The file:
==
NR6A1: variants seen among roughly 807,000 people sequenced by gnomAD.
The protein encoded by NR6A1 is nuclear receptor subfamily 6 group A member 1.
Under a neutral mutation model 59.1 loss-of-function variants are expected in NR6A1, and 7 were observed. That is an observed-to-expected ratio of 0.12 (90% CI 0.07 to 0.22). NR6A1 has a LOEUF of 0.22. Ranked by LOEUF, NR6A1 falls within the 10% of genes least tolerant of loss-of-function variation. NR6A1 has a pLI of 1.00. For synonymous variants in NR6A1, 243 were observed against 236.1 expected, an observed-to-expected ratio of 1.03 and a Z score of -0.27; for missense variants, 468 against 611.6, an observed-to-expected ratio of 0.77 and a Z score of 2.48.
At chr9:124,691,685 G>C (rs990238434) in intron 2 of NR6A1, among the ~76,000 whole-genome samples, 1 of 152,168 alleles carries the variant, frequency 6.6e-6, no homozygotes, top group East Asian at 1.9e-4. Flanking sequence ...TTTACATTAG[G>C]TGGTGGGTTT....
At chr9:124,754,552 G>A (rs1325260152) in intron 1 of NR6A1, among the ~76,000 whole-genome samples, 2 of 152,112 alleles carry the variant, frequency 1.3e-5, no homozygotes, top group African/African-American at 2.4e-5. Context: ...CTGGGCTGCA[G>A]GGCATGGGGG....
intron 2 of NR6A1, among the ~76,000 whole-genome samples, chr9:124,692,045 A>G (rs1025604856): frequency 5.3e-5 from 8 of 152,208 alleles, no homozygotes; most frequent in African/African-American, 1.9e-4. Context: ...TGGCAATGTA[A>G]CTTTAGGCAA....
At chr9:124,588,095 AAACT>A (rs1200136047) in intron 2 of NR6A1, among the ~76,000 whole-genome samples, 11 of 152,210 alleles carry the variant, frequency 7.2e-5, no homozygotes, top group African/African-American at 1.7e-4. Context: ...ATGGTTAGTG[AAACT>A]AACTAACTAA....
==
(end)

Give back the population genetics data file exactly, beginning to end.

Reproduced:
NR6A1: variants seen among roughly 807,000 people sequenced by gnomAD.
The protein encoded by NR6A1 is nuclear receptor subfamily 6 group A member 1.
Under a neutral mutation model 59.1 loss-of-function variants are expected in NR6A1, and 7 were observed. That is an observed-to-expected ratio of 0.12 (90% CI 0.07 to 0.22). NR6A1 has a LOEUF of 0.22. Ranked by LOEUF, NR6A1 falls within the 10% of genes least tolerant of loss-of-function variation. NR6A1 has a pLI of 1.00. For synonymous variants in NR6A1, 243 were observed against 236.1 expected, an observed-to-expected ratio of 1.03 and a Z score of -0.27; for missense variants, 468 against 611.6, an observed-to-expected ratio of 0.77 and a Z score of 2.48.
At chr9:124,691,685 G>C (rs990238434) in intron 2 of NR6A1, among the ~76,000 whole-genome samples, 1 of 152,168 alleles carries the variant, frequency 6.6e-6, no homozygotes, top group East Asian at 1.9e-4. Flanking sequence ...TTTACATTAG[G>C]TGGTGGGTTT....
At chr9:124,754,552 G>A (rs1325260152) in intron 1 of NR6A1, among the ~76,000 whole-genome samples, 2 of 152,112 alleles carry the variant, frequency 1.3e-5, no homozygotes, top group African/African-American at 2.4e-5. Context: ...CTGGGCTGCA[G>A]GGCATGGGGG....
intron 2 of NR6A1, among the ~76,000 whole-genome samples, chr9:124,692,045 A>G (rs1025604856): frequency 5.3e-5 from 8 of 152,208 alleles, no homozygotes; most frequent in African/African-American, 1.9e-4. Context: ...TGGCAATGTA[A>G]CTTTAGGCAA....
At chr9:124,588,095 AAACT>A (rs1200136047) in intron 2 of NR6A1, among the ~76,000 whole-genome samples, 11 of 152,210 alleles carry the variant, frequency 7.2e-5, no homozygotes, top group African/African-American at 1.7e-4. Context: ...ATGGTTAGTG[AAACT>A]AACTAACTAA....